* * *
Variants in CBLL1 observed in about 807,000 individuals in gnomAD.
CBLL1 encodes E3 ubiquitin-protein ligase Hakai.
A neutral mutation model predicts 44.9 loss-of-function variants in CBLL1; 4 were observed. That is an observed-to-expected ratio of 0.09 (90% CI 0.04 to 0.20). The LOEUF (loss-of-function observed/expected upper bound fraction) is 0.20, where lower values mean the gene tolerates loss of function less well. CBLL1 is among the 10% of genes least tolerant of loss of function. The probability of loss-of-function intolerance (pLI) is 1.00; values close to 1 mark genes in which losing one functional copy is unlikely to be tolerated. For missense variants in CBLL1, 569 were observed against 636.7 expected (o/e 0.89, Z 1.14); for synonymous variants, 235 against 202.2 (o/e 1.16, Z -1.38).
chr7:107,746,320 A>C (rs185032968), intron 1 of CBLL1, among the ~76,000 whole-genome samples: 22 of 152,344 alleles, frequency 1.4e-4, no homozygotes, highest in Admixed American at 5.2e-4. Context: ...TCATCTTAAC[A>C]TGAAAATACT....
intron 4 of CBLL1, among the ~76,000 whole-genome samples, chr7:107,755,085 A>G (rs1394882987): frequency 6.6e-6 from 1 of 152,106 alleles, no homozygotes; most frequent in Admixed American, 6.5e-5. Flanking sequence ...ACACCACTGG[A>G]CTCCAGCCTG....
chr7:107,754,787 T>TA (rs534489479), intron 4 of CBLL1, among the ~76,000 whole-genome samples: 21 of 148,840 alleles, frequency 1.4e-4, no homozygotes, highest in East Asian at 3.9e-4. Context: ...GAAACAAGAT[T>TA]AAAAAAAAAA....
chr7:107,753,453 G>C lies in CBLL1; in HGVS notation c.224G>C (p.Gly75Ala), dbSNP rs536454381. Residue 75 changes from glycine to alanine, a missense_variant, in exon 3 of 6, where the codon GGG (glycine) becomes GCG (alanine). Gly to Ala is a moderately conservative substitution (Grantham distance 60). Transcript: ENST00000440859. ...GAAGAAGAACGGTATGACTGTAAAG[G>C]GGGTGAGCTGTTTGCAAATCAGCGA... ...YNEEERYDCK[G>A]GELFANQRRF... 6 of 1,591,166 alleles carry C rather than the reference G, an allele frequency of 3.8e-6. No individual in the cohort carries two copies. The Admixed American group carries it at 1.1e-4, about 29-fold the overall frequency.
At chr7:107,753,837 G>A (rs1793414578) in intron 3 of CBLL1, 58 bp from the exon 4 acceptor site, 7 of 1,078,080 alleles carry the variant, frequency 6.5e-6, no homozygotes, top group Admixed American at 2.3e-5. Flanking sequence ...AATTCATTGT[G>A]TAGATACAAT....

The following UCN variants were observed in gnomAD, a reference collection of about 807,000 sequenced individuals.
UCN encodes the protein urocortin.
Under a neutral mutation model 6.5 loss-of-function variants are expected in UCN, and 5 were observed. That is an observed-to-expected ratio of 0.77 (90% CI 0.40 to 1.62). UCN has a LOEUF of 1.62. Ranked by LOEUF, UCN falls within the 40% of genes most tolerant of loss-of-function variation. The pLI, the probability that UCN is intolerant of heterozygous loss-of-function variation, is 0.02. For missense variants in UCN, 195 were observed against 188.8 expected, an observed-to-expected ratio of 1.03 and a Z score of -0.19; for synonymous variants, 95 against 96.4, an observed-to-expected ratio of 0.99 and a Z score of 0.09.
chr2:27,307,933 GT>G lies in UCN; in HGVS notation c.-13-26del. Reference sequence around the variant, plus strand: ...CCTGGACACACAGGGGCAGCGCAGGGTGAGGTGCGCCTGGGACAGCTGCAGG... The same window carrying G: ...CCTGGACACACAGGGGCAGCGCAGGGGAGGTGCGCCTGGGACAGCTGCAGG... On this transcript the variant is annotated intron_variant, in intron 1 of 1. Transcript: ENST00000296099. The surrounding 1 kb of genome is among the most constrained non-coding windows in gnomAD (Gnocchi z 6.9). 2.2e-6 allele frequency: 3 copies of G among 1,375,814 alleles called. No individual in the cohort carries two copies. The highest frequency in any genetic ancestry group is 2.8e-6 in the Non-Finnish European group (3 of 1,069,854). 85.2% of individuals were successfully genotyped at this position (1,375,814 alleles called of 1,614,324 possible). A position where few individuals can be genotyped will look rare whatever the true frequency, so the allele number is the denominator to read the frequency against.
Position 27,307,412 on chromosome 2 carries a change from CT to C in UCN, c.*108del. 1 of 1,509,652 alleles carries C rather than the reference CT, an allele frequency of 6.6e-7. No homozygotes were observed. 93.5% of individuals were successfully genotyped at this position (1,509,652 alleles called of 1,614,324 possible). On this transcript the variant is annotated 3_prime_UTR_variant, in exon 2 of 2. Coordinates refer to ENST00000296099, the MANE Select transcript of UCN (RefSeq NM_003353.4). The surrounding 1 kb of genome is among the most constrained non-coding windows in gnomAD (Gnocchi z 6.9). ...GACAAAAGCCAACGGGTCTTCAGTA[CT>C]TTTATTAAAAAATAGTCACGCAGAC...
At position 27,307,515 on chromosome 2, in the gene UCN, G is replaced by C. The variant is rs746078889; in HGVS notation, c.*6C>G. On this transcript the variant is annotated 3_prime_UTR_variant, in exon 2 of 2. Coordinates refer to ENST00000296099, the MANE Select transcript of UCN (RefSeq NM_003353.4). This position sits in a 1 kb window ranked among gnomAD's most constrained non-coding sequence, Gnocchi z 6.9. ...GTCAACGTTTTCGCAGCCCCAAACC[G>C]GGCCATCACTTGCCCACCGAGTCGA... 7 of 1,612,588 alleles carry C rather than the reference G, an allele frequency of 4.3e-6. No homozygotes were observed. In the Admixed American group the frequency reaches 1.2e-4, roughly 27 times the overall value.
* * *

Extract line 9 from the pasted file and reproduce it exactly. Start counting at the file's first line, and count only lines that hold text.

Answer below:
The following UCN variants were observed in gnomAD, a reference collection of about 807,000 sequenced individuals.